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Posted on 7th october 2019 by eric team


The ERIC Team interviewed Zing Tsjeng as part of ERIC Fest: Storytelling. Not only is Zing the executive editor at VICE, but she also is the author of the series ‘Forgotten Women’. Talk about being an all rounder, eh?

Part 1: What life looks like for Zing

Jack of all trades, master of none, but usually better than a master of one’ - do you think creatives can be multi-talented or is it better to find a specific niche and create within that niche?

I think it’s more important to find an interest niche - figure out what issue or topic you are passionate about, get to know it inside out, and then find multiple ways to tell different stories in that niche.

What do you think are common misconceptions that people have about breaking into the publishing industry as a writer?

Probably that you can jump from being a new writer to writing op-ed columns for the New York Times! I did lots of boring grunt work before I started scoring the bigger opportunities - writing up boring stories, etc. It’s a drag at the time, but it does teach you to keep grafting and find the good in everything you’re doing - you’re not going to write a Pulitzer Prize winning piece on your first try, but you might learn something new that might help you out with that later in your career.

What are the biggest insecurities that you have as a writer? How do you manage them?

That I’m not working fast enough! I’m definitely not the kind of person who can sit down and start magically producing words, I need to let stuff marinate in my head for a while. I’ll sometimes reach for my phone in the middle of the night because a particular turn of phrase just appears in my head. That’s cool too! Sometimes you can’t force things - unless of course you’re on deadline.

Part 2: The reality of creative success

What is the difference between a published author and someone at home writing? Is it experience? Luck? A university degree? Networking? Attitude? Etc.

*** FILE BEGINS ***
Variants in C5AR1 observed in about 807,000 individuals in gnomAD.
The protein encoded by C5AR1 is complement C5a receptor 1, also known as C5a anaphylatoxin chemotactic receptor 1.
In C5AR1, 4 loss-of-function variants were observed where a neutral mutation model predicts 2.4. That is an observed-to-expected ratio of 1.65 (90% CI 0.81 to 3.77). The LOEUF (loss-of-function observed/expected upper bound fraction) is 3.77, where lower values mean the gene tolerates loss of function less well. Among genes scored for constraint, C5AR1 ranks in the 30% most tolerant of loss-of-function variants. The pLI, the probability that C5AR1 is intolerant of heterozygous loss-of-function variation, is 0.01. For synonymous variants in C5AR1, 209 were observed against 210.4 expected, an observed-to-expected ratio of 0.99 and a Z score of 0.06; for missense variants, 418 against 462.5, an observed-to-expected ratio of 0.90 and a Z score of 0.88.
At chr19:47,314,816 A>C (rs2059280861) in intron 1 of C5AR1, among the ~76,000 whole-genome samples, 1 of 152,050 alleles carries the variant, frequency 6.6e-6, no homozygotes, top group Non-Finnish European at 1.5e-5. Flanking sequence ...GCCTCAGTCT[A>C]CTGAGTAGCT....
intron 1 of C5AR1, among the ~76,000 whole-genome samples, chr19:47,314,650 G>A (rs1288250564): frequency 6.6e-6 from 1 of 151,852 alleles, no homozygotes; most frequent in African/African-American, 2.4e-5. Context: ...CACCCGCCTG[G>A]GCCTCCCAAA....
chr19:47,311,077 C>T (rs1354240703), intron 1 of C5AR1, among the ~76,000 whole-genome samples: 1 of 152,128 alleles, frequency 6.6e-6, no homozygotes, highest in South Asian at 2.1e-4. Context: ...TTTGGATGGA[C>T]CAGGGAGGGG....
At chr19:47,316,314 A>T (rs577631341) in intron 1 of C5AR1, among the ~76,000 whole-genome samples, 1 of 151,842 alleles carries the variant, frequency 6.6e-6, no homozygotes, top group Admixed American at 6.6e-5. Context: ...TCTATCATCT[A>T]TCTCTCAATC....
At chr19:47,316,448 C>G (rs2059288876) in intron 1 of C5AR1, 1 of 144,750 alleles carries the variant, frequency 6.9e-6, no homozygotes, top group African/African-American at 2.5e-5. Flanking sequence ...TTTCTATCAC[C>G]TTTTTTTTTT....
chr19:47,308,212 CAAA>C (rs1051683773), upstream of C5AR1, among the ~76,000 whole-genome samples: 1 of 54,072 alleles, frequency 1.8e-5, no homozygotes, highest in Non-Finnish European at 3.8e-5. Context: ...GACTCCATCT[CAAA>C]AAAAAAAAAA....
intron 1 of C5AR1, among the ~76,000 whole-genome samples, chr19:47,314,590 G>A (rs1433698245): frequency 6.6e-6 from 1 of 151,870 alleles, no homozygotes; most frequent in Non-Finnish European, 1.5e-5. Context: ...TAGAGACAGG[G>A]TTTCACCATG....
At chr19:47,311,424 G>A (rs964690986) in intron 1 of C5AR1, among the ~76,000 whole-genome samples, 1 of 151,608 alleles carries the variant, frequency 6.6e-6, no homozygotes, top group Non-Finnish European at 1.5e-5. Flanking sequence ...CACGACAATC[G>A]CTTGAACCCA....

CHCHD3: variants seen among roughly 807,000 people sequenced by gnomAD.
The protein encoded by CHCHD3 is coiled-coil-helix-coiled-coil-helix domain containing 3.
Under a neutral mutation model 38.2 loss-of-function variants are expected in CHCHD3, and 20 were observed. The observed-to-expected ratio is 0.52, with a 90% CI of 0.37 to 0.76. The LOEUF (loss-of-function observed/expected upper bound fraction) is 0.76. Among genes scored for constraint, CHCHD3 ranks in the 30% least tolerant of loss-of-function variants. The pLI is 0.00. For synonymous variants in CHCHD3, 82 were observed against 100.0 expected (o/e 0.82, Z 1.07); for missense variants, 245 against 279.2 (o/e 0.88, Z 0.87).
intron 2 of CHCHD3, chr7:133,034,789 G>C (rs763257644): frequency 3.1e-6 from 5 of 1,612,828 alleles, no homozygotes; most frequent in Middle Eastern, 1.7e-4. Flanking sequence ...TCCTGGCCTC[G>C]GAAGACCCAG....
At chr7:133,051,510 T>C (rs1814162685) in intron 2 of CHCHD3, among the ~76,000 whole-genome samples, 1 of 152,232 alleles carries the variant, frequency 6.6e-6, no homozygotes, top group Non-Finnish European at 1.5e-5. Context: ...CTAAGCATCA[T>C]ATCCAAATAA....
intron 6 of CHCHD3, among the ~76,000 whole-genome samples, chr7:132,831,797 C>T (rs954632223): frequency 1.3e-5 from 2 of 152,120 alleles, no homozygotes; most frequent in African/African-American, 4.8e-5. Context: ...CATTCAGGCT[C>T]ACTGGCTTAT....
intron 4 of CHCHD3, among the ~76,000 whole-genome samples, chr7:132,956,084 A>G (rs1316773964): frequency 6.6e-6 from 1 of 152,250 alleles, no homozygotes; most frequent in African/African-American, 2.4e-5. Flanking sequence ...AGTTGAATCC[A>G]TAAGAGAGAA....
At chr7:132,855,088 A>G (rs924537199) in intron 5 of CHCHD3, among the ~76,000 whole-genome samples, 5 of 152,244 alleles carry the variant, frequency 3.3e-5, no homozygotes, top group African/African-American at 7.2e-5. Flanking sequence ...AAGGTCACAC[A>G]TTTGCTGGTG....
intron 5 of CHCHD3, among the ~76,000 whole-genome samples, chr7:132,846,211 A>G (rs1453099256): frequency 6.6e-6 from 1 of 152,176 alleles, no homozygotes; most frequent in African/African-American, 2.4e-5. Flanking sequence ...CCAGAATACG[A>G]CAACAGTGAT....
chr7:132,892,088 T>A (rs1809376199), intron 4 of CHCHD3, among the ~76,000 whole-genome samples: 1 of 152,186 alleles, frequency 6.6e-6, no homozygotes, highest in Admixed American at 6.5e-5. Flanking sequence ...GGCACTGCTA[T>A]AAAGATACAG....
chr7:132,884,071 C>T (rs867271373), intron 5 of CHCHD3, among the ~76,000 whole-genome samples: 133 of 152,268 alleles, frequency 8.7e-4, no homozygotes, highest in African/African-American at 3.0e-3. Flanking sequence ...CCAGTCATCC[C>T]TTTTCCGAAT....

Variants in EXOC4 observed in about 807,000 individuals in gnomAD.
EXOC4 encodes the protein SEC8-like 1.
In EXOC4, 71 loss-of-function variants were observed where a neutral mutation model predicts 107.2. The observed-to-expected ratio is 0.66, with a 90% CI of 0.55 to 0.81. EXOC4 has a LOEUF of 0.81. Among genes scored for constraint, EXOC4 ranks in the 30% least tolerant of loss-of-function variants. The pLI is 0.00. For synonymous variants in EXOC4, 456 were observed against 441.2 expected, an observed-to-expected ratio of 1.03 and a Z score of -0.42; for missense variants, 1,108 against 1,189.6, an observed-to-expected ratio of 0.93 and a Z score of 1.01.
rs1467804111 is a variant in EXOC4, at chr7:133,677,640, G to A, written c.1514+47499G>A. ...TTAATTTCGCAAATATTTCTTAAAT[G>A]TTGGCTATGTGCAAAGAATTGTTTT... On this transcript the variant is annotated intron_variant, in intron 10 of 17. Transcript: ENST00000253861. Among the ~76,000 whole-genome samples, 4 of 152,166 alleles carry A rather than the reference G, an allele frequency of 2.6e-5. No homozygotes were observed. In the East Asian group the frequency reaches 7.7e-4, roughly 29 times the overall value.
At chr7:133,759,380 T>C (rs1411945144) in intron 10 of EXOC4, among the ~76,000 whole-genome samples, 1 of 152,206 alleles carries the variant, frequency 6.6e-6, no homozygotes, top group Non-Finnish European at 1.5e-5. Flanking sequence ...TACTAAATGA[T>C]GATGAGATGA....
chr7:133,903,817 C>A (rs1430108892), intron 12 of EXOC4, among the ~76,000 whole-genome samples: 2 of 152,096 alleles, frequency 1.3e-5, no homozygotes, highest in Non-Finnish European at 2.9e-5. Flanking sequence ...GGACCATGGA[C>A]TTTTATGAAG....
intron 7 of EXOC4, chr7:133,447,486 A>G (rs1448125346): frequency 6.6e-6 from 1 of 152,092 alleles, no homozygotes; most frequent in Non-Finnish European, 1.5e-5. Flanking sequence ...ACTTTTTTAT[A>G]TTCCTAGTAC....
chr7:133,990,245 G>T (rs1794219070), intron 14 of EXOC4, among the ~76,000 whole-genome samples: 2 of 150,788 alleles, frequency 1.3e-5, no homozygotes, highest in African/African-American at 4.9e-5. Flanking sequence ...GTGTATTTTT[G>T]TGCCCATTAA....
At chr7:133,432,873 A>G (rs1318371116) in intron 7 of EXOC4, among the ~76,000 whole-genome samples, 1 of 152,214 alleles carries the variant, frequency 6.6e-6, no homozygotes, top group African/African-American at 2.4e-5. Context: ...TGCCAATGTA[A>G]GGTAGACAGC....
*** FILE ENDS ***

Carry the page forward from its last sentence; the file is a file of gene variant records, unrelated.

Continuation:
I think it’s mainly attitude and work ethic. Obviously, there are people who are privileged with the access, education and networks who will start the race earlier than people who aren’t. But when I did the Women’s Prize for Fiction podcast and interviewed all the women who’d been nominated for the prize this year, they kept telling me that they just wrote like crazy – they would wake up early, squeeze it around work, do it on the weekends… And they just kept at it for ages. One author did it for ten years before her first book. It was really inspiring. I think it’s easy to look at people who get book deals in their 20s and get discouraged, but I think talent and hard work will always win out. Otherwise there’s no point and we may as well all give up now, right?

Do you think people are born creative writers or is there a level of honing that skill? What is the balance between the two?

You definitely need to hone it. I’m such a better writer now than I was 10 years ago and that was all down to practice. You might have a better imagination and more free time when you’re a kid, but stuff that you learn as you grow up - like work ethic, etc - is more important IMO.

How would a young person know that their work has reached a point where they can start approaching agents and publishing houses?